The database itself is created in the following manner (See FIG. 4). Assuming the original work is a written text, it is stored within the database as “text of language 1”. An audio sound track of the work in the original language (language one) is recorded from a reading of the original work's written text and stored in the database as “audio of language 1.” The audio can be the author's own voice recital. This is particularly useful with poetry and created works to achieve the more exact mood, tone, and meaning.
Next, a translation of the text of the original work into a second language is created. The second language translation is not a literal translation but instead is a translation following the traditional rules of syntax and grammar of the second language while retaining the closest content, context, tone, style, and meaning of the primary work. As with language one, an audio sound track of the work in language two is recorded from a reading of the language two written text and is then stored in the database. Both the text and audio can be cross-linked to other information (e.g. a dictionary, thesaurus, maps, voice(s), music).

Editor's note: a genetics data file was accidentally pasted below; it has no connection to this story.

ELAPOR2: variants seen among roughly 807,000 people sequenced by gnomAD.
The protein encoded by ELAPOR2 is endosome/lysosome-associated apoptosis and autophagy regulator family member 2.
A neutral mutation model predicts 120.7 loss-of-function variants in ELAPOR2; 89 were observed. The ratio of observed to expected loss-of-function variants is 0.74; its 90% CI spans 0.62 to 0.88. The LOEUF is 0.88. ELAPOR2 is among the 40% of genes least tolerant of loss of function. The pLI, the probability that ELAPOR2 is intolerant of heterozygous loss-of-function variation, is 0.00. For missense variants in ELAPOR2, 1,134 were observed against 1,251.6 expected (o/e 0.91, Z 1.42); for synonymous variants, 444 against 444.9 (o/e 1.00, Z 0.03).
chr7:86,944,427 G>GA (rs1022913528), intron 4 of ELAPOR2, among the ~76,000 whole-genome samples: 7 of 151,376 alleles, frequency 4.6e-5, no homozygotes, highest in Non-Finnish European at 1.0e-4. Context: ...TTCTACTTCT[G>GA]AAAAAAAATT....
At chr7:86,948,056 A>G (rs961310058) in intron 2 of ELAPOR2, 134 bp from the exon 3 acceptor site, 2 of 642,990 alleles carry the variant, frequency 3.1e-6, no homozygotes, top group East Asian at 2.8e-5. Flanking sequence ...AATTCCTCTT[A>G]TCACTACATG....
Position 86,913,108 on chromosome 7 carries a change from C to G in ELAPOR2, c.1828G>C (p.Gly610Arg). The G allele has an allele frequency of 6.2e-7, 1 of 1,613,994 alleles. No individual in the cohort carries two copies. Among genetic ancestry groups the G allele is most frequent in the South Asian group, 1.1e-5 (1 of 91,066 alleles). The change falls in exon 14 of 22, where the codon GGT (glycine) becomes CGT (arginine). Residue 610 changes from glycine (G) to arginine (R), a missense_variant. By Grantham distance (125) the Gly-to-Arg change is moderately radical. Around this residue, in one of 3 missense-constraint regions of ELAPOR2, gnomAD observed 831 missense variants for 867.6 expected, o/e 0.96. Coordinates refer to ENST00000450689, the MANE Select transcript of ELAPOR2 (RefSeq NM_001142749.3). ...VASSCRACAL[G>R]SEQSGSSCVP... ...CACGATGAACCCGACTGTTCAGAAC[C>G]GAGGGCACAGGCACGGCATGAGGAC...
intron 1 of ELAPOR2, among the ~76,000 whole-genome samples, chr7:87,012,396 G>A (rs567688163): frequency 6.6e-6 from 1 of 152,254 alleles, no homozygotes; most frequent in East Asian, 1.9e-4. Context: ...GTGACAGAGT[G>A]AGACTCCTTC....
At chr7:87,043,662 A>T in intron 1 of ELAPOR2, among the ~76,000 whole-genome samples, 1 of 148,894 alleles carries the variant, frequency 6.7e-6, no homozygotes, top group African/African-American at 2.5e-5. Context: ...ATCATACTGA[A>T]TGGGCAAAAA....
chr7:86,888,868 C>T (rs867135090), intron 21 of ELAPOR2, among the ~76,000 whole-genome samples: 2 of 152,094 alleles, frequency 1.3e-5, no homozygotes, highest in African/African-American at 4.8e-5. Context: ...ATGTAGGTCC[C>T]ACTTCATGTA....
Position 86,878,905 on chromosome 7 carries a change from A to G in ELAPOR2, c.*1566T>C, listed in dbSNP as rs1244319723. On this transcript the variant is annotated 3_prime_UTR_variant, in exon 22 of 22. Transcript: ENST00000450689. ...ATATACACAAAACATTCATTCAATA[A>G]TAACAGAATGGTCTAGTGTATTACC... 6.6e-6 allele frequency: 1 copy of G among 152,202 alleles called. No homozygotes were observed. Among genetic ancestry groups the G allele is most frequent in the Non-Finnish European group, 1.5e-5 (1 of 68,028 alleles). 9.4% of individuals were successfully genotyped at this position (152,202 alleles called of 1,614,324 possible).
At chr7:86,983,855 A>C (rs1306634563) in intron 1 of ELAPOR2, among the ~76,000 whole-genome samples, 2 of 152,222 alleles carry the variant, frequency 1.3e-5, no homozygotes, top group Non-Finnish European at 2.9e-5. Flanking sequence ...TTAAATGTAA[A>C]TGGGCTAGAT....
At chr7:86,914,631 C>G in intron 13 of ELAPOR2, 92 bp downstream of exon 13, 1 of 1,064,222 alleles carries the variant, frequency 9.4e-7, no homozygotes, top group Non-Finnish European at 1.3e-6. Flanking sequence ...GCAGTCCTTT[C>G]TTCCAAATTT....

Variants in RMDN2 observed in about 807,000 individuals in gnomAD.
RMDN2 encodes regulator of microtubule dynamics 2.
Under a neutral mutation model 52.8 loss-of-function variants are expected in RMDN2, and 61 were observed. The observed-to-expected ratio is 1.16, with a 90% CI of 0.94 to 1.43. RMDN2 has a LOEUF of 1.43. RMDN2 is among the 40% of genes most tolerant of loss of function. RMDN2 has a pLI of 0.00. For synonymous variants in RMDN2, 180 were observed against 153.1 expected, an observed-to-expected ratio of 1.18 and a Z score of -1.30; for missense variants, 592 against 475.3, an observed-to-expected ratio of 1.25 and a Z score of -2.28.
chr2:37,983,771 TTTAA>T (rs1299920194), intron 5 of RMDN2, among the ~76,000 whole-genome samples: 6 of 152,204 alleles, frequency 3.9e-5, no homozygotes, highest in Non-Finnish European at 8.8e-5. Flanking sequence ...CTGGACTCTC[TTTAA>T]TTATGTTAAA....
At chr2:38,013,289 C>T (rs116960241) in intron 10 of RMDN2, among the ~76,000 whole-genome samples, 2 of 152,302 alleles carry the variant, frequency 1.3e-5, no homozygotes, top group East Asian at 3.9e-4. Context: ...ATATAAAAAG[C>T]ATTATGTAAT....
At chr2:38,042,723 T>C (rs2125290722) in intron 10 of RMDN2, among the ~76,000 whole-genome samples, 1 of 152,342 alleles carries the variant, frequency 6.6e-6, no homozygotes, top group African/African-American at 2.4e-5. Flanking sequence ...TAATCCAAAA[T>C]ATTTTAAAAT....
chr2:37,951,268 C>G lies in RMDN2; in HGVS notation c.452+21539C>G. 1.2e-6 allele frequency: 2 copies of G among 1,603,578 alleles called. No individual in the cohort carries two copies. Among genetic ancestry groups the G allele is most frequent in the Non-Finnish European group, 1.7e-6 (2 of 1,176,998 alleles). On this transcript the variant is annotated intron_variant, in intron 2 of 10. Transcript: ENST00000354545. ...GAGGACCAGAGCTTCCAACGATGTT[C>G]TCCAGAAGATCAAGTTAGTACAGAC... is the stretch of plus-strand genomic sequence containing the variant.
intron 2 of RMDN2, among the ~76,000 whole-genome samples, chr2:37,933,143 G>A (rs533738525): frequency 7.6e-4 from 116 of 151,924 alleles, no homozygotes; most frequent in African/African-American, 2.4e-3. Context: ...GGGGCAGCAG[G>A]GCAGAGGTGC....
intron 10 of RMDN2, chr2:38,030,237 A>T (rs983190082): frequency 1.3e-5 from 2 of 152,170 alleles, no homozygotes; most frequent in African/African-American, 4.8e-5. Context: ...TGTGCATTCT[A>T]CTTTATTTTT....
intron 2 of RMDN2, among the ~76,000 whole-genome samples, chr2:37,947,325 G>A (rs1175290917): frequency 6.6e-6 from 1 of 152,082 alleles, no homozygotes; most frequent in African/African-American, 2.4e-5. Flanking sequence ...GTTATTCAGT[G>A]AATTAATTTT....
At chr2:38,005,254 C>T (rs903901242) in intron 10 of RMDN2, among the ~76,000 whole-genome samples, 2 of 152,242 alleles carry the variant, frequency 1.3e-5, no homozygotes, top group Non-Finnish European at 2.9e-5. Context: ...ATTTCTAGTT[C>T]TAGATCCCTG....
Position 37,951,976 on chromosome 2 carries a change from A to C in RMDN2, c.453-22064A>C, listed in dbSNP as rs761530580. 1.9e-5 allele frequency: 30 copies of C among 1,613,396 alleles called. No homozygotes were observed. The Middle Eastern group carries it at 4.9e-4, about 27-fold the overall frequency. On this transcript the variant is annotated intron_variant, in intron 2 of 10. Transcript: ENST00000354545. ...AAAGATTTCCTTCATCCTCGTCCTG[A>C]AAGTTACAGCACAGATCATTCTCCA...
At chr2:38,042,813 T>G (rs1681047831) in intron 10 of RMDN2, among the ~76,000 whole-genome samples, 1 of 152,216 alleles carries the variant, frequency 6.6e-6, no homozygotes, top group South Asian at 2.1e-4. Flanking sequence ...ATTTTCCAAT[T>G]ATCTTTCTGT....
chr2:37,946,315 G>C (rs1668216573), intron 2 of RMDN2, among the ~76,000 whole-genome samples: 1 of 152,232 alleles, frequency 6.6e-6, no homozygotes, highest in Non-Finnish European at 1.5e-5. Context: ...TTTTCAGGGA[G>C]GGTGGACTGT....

A translation is then made of the original work into language three. The third language translation is also not a literal translation of either the original work or the second language translation, but instead is a translation following the traditional rules of syntax and grammar of the third language while maintaining the meaning and style of the primary work. As with languages one and two, an audio soundtrack of the work in language three is recorded from a reading of the language three written text and is then stored in the database. The process can be continued for multiple languages.